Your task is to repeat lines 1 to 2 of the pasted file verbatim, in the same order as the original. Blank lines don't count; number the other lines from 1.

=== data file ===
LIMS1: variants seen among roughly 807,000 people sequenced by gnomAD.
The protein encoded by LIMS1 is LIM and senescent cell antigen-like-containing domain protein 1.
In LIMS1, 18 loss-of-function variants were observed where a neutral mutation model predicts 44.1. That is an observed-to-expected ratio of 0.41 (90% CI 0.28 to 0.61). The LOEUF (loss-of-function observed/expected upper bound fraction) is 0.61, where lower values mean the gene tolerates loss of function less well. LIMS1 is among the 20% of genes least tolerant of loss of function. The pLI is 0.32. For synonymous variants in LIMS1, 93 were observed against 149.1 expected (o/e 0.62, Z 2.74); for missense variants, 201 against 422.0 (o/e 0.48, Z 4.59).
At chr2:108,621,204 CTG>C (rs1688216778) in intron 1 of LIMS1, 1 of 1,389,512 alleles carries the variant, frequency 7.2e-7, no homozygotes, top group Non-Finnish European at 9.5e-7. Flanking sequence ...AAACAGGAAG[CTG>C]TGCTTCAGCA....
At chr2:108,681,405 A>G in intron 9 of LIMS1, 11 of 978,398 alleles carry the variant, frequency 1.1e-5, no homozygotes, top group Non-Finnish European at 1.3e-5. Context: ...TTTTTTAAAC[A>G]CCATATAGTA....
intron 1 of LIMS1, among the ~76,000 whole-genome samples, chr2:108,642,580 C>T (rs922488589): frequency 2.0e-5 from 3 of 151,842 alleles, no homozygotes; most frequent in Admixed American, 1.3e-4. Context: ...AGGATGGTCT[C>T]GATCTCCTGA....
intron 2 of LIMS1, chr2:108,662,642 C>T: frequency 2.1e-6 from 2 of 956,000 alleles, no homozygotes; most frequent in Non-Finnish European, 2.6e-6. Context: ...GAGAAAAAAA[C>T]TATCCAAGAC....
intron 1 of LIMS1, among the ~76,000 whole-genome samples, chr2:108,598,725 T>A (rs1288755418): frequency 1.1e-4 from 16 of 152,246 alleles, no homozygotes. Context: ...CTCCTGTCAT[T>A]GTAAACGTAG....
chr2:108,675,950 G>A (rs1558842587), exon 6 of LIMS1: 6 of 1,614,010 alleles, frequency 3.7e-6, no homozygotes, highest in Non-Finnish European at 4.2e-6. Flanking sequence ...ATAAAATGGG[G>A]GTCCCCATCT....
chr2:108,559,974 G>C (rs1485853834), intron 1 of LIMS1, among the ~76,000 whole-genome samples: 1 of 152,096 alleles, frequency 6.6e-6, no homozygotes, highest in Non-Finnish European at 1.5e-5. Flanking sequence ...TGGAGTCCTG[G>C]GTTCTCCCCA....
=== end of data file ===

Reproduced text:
LIMS1: variants seen among roughly 807,000 people sequenced by gnomAD.
The protein encoded by LIMS1 is LIM and senescent cell antigen-like-containing domain protein 1.